Ballymahon school lifts stigma on mental health

Rani Joy, Peter Newman, Conor Whyte, Roseleen Lennon, Tara Sweeney, Lisa Nolan, Aisling Cahill, Eoin Connell, Patrick Flanagan, Melissa Gilmore and Katie Lee taking part in Mental Health Week.
Mental health is a term that is very much in the minds of the public these days.

Mental health is a term that is very much in the minds of the public these days.

Though it’s referred to on a regular basis, it is rarely understood, and often referred to in a negative manner. However, active steps are being made in trying to get rid of the stigma around mental health.

One school in Longford are doing just that, by showing that every single person has mental health.

Mercy Secondary School Ballymahon are currently working towards their Amber Flag, which shows that they are promoting positive mental health.

Guidance Counsellor in Mercy Secondary School Siobhan O’Neill explains that the school had already hosted a number of events before deciding to apply for the amber flag.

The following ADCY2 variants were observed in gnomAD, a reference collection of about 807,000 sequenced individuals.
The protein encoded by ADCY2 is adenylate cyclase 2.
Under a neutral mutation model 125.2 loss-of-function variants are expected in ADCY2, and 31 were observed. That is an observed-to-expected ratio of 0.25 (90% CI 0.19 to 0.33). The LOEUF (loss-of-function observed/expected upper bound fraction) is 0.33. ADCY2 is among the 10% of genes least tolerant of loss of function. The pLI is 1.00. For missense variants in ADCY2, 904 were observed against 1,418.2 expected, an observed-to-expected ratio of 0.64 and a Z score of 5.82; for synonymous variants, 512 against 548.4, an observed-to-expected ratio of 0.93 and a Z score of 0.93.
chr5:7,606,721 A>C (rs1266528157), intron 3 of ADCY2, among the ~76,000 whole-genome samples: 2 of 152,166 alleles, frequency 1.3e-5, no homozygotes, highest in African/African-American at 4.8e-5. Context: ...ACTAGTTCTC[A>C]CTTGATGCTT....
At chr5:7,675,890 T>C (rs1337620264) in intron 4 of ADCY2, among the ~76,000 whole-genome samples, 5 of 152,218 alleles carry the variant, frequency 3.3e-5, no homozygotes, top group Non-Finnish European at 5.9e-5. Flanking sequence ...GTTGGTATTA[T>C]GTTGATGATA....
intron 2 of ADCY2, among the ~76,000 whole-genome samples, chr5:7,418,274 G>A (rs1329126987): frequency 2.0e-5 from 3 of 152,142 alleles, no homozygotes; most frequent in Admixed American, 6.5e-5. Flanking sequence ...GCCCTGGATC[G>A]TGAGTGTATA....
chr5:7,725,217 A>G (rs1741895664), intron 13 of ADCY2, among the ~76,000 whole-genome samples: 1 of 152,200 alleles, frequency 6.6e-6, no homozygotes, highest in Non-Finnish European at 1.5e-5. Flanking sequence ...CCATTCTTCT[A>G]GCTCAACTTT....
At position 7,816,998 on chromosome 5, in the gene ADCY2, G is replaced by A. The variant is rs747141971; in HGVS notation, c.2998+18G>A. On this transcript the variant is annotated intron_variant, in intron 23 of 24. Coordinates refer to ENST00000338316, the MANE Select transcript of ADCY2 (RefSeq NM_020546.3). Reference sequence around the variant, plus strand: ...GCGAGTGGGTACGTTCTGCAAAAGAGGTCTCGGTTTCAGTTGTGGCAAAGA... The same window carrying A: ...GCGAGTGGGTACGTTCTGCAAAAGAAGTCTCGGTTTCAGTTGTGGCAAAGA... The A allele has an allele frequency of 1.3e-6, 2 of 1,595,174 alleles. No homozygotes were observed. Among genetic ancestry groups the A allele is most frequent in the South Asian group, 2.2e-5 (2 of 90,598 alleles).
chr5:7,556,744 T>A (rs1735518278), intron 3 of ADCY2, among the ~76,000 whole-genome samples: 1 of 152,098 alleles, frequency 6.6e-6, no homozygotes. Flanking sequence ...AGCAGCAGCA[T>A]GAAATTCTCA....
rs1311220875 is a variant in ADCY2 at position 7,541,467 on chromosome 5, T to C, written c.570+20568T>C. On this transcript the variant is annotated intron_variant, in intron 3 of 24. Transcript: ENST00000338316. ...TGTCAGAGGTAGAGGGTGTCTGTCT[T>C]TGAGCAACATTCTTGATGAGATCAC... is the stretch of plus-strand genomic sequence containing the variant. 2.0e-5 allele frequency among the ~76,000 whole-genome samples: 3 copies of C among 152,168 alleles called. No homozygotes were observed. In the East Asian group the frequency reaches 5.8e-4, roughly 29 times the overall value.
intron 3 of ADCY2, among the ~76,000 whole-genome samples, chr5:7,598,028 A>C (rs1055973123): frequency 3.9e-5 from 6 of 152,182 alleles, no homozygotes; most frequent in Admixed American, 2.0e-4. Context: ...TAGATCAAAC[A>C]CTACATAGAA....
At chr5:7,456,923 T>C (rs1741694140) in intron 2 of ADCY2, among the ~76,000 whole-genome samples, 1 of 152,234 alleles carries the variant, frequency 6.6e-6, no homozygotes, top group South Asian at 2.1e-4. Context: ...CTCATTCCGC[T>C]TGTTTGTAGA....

Mental Health week saw students and teachers alike get involved with a number of events. Students were invited to choose positive music, which was then played throughout the school at break and lunch times during the week. There were also seminars and talks on mental health, and a fundraising event called “Walk in my Shoes”. The fundraising event saw pupils and teachers wear bizarre socks and shoes (from wellies to slippers) to school, raising just under €1,000 for Suicide Aware.

At the beginning of the week, Siobhan explains, the students were asked to list words associated with mental health. At that stage, all suggestions were negative but as the week went on, the students realised that everyone has mental health and that it can either be good or poor. Siobhan explains that the aim of the week was to “encourage people to reduce the stigma”.

The school hope to receive their Amber Flag in the future, and will continue to promote positive mental health through the mental health module in SPHE and the promotion of the “5-a-day” - be active, give, connect, get involved and take notice.

One of the most important lessons the students took away, Siobhan explains, was that no-one is defined either by mental illness or mental health. “We can all have it but we’re not defined by it”